Len Johnson Reporting from the World Champs, London – Runner’s Tribe
Day six at the world championships and it was one of those this way, thataway, haven’t we been here before scenarios so beloved of film directors. Sliding doors, chances taken, chances missed – that sort of thing.
One place we definitely hadn’t been before was into the cupboard where the rain jackets are kept. After tolerably good weather so far – this is London, after all – things turned feral on the weather front. What started as drizzle around 9am persisted as rain for much of the rest of the day. Making matters worse, London and the south-east was about the only region of England where it was raining. Dry everywhere else, it was.
Personally, I got through the day courtesy of a rain jacket and then, a poncho purchased for seven quid at the Tate Modern. The garment was extremely effective at keeping more water out, but almost equally as effective at keeping what had already seeped through in. Still, small mercies and all that kind of stuff.
Keeping the minimalist trend going, London 2017 organisers had scheduled just three finals for the night – the men’s 400 metre hurdles, the women’s 400 metres and the women’s shot put. This time they got away with it again, but only through the appearance of one M.Farah in the heats of the 5000.
Both one-lap events turned dramatically at almost exactly the same spot, in the main straight, some 50 metres from the finish line. It had a Bermuda Triangle-like effect. People entered the zone and their winning chances mysteriously disappeared.
If you’ve been following the 400 metres hurdles this year, you will be aware of the emergence of Karsten Warholm, a young Norwegian former decathlete who had switched to a non-decathlon event. He won in stirring fashion at the Bislett Games, so spent that he proceeded to lie prone on the track for most of the rest of the night’s program (and they are long nights in Scandinavia at that time of year).
Warholm went out like complimentary Carlsberg in the final and entered the straight well clear of Kerron Clement and several other pursuers. He looked a bit rubbery at hurdle eight and stuttered into hurdle nine. Clement, Abdelrahman Samba and Yanis Capello, running at him almost in line, were suddenly right on Warholm’s heels.
Then came hurdle 10, and they entered the Triangle. Warholm summoned something from deep within and cleared it cleanly. Clement stuttered, losing the ground he had just gained. His chance was gone. Capello did the same. Samba’s fate was even worse – his hit the hurdle with his leading leg and stumbled badly off it.
Warholm won, a Viking helmet was found – thank Thor someone thought to bring it – and he went off on a whacky lap of honour after a finish line interview conducted by a Welshman and featuring something shouted in Norwegian.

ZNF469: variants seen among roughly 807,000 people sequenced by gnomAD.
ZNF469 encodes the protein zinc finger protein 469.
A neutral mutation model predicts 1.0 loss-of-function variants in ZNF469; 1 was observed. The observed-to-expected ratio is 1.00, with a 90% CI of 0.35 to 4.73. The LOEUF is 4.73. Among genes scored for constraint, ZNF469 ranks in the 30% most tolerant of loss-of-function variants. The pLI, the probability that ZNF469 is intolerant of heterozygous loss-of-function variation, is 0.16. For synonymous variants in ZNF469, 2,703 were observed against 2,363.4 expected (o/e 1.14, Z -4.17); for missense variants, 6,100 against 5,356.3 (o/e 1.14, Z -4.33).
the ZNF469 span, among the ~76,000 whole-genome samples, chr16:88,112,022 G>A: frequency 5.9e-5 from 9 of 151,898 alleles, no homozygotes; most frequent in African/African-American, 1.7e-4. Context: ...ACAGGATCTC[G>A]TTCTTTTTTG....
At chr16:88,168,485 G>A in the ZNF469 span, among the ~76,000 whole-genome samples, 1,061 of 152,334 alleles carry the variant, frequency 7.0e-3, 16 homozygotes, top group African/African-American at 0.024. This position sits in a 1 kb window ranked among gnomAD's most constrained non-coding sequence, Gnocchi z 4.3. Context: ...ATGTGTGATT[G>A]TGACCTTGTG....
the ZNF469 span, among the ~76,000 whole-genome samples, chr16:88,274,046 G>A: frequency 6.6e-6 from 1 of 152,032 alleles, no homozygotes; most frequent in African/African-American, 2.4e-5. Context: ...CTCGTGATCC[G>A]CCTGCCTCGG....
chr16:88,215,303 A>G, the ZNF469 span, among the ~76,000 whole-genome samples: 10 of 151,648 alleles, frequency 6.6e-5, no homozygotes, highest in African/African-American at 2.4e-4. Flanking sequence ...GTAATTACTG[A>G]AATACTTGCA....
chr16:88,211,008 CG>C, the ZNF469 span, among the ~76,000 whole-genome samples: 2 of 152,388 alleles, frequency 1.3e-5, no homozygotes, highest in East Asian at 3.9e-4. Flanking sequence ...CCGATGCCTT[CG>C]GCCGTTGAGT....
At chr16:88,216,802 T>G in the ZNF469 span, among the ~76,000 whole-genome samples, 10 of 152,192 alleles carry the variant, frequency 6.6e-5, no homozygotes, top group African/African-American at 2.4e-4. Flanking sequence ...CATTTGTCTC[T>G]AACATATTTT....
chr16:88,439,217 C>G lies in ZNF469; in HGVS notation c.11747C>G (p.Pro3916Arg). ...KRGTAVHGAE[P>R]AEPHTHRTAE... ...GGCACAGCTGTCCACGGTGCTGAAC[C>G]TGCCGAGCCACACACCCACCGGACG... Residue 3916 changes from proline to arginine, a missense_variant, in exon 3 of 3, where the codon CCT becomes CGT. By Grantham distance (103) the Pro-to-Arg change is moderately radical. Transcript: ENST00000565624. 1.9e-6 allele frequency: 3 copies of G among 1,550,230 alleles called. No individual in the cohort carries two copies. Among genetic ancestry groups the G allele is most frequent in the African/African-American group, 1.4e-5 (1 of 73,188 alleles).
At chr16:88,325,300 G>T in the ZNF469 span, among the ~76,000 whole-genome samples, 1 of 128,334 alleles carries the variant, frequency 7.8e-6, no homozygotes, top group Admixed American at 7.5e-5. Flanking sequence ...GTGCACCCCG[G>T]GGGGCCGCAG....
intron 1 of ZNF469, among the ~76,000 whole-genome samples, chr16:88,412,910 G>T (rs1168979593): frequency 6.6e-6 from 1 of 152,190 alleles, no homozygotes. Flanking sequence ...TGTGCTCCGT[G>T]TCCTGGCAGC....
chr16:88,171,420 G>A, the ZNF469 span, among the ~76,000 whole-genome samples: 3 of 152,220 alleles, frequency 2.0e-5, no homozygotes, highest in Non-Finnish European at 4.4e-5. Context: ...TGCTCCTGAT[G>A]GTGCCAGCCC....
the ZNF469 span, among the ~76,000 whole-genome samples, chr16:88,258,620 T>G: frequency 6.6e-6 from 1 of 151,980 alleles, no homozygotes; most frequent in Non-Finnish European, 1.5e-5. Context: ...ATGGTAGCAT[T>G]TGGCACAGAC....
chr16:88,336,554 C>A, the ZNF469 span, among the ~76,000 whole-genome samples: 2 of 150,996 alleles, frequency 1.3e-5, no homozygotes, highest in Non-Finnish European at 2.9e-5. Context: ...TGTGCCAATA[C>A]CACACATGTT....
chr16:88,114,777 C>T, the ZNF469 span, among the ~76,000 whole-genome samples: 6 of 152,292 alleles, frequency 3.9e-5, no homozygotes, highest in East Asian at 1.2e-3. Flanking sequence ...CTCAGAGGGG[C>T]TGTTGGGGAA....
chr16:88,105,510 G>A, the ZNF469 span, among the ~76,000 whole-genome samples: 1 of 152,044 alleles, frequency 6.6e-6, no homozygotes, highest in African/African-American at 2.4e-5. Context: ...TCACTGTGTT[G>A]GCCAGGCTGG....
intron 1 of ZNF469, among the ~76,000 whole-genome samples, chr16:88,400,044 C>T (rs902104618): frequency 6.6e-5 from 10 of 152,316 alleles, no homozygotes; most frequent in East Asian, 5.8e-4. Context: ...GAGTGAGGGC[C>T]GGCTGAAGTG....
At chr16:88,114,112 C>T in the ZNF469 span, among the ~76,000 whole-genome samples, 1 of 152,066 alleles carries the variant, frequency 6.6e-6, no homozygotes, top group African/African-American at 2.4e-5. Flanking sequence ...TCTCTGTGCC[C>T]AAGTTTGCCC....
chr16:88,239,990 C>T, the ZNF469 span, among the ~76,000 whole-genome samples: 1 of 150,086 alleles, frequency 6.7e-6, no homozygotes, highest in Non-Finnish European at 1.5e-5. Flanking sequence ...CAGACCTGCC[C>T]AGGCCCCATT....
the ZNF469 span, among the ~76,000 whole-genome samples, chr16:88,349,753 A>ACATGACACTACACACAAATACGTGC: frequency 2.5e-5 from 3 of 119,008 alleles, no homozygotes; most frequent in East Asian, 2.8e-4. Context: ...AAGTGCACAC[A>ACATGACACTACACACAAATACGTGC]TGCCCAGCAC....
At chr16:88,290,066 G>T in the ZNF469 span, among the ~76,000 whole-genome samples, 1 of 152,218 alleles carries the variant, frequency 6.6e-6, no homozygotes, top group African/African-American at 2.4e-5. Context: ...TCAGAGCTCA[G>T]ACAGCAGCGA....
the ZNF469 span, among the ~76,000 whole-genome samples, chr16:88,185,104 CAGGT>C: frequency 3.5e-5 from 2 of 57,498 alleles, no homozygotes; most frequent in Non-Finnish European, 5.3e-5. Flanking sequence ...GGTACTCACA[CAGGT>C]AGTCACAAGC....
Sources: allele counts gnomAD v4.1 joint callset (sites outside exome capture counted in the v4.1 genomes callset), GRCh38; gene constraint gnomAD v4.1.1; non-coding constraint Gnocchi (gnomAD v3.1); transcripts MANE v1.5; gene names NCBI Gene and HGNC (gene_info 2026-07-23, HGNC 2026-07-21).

Blow me down if 10 minutes later, the women’s 400 turned on its head at virtually the same point. Shaunae Miller-Uibo, who dived to the Olympic gold medal in Rio last year, looked as if she had a world championships one already around her neck. Having seen off Allyson Felix’s early pace, she was in control and seemingly cruising.
Never think you are cruising when in Bermudan waters would seem to be good advice. Suddenly, out of nowhere, Miller-Uibo faltered – a stumble, cramp, who knows. By the time she had recovered, Felix’s teammate Phyllis Francis had gone past to win and Salwa Eid Naser and the fading Felix to take the minor medals.
Francis won in a personal best 49.92. Naser ran 50.06, giving the 19-year-old a PB in each round, Felix 50.08. Miller-Uibo staggered in in 50.49, amazing given what had just occurred.
Patrick Tiernan also had a life-changing kind of run to make the 5000 metres final. Four laps from home, about the same time his race in the 10,000 fell apart, he took control of the second heat, moving to the front and ensuring the pace remained well under the finishing time of the first heat.
Ultiamtely, he did not have to bother, finishing fourth to secure one of the automatic spots in the final. But I hope places six to 10 took up a collection for him, because Tiernan dragged them through into the final as well.
It was a bold race from an athlete who admitted he had been in a bad place after his performance in the 10,000.
Tiernan has carried all before him since he returned to Australia to win the Zatopek 10,000 last December. Now, he has shown the resilience to bounce back from a demoralising performance. It is hard to run well, but each good race makes the next one that little bit easier. It is a lot harder to come back from a disappointing run, especially when you have just a few days to re-group.
Hats off to Tiernan for doing just that. Although they did not go through, both Morgan McDonald and Sam McEntee had strong runs in the first heat.